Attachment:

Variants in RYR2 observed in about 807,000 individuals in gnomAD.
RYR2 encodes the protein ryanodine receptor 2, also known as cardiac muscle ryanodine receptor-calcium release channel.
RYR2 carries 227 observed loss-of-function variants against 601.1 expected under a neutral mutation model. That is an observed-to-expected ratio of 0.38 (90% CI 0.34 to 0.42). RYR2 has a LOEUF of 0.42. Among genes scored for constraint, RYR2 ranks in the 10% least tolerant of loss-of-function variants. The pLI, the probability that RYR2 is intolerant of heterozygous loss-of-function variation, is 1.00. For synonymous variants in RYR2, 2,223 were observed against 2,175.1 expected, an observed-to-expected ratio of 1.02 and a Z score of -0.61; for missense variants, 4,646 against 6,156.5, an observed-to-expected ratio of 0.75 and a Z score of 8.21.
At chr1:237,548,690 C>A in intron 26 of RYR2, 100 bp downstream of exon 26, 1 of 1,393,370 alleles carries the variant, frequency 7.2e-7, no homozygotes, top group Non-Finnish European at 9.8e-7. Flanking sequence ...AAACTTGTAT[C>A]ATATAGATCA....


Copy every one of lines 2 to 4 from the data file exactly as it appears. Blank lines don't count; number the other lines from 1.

RYR2 encodes the protein ryanodine receptor 2, also known as cardiac muscle ryanodine receptor-calcium release channel.
RYR2 carries 227 observed loss-of-function variants against 601.1 expected under a neutral mutation model. That is an observed-to-expected ratio of 0.38 (90% CI 0.34 to 0.42). RYR2 has a LOEUF of 0.42. Among genes scored for constraint, RYR2 ranks in the 10% least tolerant of loss-of-function variants. The pLI, the probability that RYR2 is intolerant of heterozygous loss-of-function variation, is 1.00. For synonymous variants in RYR2, 2,223 were observed against 2,175.1 expected, an observed-to-expected ratio of 1.02 and a Z score of -0.61; for missense variants, 4,646 against 6,156.5, an observed-to-expected ratio of 0.75 and a Z score of 8.21.
At chr1:237,548,690 C>A in intron 26 of RYR2, 100 bp downstream of exon 26, 1 of 1,393,370 alleles carries the variant, frequency 7.2e-7, no homozygotes, top group Non-Finnish European at 9.8e-7. Flanking sequence ...AAACTTGTAT[C>A]ATATAGATCA....